Money underwrites much present-day industrial civilization. This is a mixed bag. Money is morally neutral, of course. There is nothing inherently immoral in getting rich. Money could be used to do great things. Resources exist to build a world of abundance and prosperity never before seen! Do we answer to a Higher Power? I believe we do. But we live in a fallen world, and prevailing uses of money are bound to reflect this.

Thus money has been used for hideous things! Kennedy’s book shows how the pharma-industrial complex and sociopaths like Fauci and Gates have been the only real beneficiaries of covid-19(84), which could have been stopped in its tracks in a matter of months had real doctors been allowed to apply the cures they had discovered worked. Kennedy presents abundant evidence that the Fauci-directed crowd has always seen common people as lab rats! Allopathic medicine aligns well with a materialist worldview. We need a worldview in which human persons have intrinsic value— whatever their ethnicity, sex, age, nationality, economic standing, or health status.

There is also reason to believe moneyed interests have suppressed technologies able to create systems of abundance, maintaining scarcity because scarcity is profitable. Space limits preclude my being specific here, but I hope to do a future article on this, which has been going on for decades!

But take the time to look into what Nikola Tesla was doing when J.P. Morgan pulled his funding and his laboratory was raided by the feds. No one has the full story, because much of Tesla’s research remains classified. Why? Perhaps because investigations into alternative technologies for powering our homes might open doors to abundance for us peasants while closing them to those who want unlimited corporate profits in a fully centralized world.(I am not referring to solar power!)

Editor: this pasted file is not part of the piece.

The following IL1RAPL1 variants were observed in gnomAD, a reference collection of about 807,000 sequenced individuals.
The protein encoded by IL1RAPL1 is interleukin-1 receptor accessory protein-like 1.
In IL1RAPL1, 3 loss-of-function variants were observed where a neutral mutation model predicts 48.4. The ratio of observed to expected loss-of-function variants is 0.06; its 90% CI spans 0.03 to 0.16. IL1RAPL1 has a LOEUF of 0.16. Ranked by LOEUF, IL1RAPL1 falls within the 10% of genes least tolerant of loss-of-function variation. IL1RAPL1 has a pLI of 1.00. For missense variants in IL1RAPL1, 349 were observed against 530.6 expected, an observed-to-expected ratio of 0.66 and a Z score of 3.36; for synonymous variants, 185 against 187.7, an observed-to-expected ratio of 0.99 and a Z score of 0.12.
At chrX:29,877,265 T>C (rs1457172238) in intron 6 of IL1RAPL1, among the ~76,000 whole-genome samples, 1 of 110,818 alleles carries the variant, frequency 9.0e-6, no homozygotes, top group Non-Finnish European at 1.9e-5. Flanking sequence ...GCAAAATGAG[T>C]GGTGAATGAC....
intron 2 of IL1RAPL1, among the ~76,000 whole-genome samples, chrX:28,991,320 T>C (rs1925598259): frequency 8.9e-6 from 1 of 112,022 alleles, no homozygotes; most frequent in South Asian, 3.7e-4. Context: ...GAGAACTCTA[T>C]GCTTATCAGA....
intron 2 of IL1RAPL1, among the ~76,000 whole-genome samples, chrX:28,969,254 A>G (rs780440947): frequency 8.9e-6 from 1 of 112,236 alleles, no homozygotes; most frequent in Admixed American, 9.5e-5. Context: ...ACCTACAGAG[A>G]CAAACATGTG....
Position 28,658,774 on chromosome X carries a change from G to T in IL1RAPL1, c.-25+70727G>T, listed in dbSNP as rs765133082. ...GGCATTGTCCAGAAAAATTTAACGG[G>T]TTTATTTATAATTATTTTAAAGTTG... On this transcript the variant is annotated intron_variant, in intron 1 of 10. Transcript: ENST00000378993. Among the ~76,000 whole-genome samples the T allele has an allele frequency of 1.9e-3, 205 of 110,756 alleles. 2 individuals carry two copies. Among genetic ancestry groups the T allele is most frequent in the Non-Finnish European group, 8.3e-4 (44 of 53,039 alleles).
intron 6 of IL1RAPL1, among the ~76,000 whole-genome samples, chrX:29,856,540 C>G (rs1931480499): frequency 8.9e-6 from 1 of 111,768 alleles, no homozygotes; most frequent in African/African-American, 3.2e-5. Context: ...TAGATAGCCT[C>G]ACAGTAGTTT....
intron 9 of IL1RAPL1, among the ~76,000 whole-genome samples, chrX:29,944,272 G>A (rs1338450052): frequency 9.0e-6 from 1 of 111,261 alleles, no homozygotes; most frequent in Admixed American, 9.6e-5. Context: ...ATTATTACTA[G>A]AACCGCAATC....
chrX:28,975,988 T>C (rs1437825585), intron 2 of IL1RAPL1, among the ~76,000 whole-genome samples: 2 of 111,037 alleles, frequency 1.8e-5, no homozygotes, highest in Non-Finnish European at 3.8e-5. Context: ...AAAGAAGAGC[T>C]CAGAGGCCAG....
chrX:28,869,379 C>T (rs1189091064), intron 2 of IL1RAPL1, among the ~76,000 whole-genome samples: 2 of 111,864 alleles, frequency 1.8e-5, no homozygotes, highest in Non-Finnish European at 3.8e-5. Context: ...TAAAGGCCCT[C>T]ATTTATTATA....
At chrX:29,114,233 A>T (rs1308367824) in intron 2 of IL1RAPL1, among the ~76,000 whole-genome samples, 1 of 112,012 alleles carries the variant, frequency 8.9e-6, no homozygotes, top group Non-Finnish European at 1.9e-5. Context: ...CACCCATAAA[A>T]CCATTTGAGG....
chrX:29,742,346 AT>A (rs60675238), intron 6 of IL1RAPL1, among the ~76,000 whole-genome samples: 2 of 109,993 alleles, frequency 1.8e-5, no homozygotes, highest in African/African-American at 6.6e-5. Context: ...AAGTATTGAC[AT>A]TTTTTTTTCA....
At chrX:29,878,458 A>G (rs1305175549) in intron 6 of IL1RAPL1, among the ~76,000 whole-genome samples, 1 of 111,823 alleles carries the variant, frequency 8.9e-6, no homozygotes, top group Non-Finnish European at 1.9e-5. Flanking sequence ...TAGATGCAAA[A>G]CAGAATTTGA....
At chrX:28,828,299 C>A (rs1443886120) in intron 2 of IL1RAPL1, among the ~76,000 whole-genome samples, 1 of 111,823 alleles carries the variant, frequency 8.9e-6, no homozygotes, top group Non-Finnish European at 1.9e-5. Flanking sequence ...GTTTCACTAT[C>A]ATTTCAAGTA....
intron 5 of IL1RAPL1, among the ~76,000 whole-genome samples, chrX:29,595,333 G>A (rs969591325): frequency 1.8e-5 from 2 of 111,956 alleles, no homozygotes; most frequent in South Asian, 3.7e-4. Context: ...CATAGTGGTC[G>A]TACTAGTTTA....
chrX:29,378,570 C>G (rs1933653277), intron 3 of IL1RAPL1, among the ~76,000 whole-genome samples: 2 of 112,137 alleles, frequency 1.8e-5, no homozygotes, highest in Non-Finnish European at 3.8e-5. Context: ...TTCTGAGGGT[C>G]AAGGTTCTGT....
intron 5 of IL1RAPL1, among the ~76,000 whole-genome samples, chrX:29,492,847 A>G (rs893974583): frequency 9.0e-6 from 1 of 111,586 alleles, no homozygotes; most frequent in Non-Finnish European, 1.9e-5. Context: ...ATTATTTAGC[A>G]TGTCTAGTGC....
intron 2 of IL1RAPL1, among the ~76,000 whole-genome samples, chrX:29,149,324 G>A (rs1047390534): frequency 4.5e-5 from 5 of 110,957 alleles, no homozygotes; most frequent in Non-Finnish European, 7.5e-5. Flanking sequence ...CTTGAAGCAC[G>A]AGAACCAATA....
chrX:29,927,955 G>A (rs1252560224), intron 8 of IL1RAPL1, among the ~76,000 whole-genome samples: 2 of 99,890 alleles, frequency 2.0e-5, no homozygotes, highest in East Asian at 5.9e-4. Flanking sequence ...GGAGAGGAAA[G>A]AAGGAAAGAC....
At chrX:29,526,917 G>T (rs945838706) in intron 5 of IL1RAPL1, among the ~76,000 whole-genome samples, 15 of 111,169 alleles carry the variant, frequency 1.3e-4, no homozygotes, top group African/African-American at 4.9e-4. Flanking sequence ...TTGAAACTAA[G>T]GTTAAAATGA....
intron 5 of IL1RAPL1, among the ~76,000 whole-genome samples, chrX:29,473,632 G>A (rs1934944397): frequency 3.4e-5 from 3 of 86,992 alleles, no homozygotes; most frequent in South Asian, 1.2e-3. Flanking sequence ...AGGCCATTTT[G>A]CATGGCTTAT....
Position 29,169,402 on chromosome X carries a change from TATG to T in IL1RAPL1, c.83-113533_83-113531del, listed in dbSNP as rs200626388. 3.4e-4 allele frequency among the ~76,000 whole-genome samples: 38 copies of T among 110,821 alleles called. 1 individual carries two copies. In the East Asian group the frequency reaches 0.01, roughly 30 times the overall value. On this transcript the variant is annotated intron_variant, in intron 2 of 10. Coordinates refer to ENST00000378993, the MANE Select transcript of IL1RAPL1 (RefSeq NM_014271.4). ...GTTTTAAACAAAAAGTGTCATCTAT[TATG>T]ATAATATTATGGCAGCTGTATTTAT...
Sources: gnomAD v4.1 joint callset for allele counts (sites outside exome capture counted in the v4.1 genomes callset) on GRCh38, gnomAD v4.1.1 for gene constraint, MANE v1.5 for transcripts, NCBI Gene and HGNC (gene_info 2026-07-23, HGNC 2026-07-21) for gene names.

Technologies of abundance would free peoples the world over from the serfdom globalists want. (Isn’t it suspicious that the Fauci-Gates axis was obsessed with bringing vaccines to Africa — not systems able to deliver clean water, proper sanitation, nutritious food, and clean energy?)

A sustained look at homeopathic/miasmatic approaches to medicine might contribute to such. These do not work under the assumption that the only keys to health and healing are violent interventions (e.g., vaccines). Rather, they look at systems and recognize that strengthening natural immunity through nutrition, exercise, sufficient sleep, and stress-reduction, in a primary-prevention context, are important to health.

These approaches are disliked in mainstream medicine not because no evidence supports them but because they do not funnel billions into the coffers of the pharma-industrial complex. Sensible primary prevention would make this complex obsolete!

Among our biggest challenges today is disseminating truthful information in an environment where dominant institutions — the WHO, the CDC, etc. — and nearly all major medical and public health schools, are partly or wholly owned subsidiaries of the pharma-industrial complex, and also the major source of advertising revenue in Regime Media. We need that Higher Power! And we need decentralization, a devolution of human power from corrupt centers. We needed these things yesterday!

Steven Yates’s new book What Should Philosophy Do? A Theory (Wipf and Stock, 2021) is available here and here.